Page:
The Michigan State University professor Stephen Hsu, another billed guest, resigned as vice-president of research there in 2020 after protests by the MSU Graduate Employees Union and the MSU student association accusing Hsu of promoting scientific racism.

Brian Chau, executive director of the “effective accelerationist” non-profit Alliance for the Future (AFF), was another billed guest. A report last month catalogued Chau’s long history of racist and sexist online commentary, including false claims about George Floyd, and the claim that the US is a “Black supremacist” country. “Effective accelerationists” argue that human problems are best solved by unrestricted technological development.

I'm unfamiliar with these people but I don't like what I'm learning. Khan wrote a letter to "a white nationalist website" about "the threat of the United States becoming 'more genetically and culturally Mexican'." Chau believes "the narrative" around George Floyd's death "was every bit as fake as an AI-generated video". And Richard Hanania, also invited to Manifest, believes "we need more policing, incarceration and surveillance of black people."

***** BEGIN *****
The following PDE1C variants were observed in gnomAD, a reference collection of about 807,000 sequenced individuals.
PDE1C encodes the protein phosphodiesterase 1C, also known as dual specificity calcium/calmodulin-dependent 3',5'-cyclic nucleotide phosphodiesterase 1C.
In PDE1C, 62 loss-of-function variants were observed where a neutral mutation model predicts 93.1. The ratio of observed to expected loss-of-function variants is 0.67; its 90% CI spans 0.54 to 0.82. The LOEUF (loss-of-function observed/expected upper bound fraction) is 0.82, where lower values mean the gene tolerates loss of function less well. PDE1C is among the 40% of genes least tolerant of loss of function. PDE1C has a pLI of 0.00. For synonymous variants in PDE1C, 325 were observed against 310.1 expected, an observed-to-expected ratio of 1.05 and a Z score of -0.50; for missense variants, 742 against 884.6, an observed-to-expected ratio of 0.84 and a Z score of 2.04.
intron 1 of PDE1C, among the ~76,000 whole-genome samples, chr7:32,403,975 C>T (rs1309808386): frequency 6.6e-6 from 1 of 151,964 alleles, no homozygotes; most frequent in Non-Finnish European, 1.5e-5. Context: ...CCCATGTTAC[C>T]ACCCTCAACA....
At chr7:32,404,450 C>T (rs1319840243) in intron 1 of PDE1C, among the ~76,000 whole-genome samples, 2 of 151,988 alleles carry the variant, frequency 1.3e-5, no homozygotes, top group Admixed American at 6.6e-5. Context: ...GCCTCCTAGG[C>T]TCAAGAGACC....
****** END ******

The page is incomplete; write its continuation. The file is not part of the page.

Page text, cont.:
The response by a Manifest representative is also concerning:

“We were aware that some of these folks have expressed views considered controversial.”

He went on: “Some of these folks we’re bringing in because of their past experience with prediction markets (eg [Richard] Hanania has used them extensively and partnered with many prediction market platforms). Others we’re bringing in for their particular expertise (eg Brian Chau is participating in a debate on AI safety, related to his work at Alliance for the Future).”

I think "high decouplers" believe there is negligible risk in platforming intolerant people because rationalists can isolate their relevant thoughts (e.g. prediction markets) from their dangerous thoughts (e.g. there should be more incarceration of Black people).

But the poor quality of reasoning demonstrated in somebody's more controversial thinking should reflect poorly on their general intellectual rigour. Do you really have a lot to learn from somebody who, like Chau, thinks the US is a "Black supremacist country" or is that person maybe just a controversialist?

And it seems disingenuous to suggest that rationalists aren't interested in those controversial views. We know that rationalists are unusually and disturbingly pro-eugenics. And it's hard to see it as a coincidence that this event attracted ~five racist public intellectuals.

Manifest's representative also said: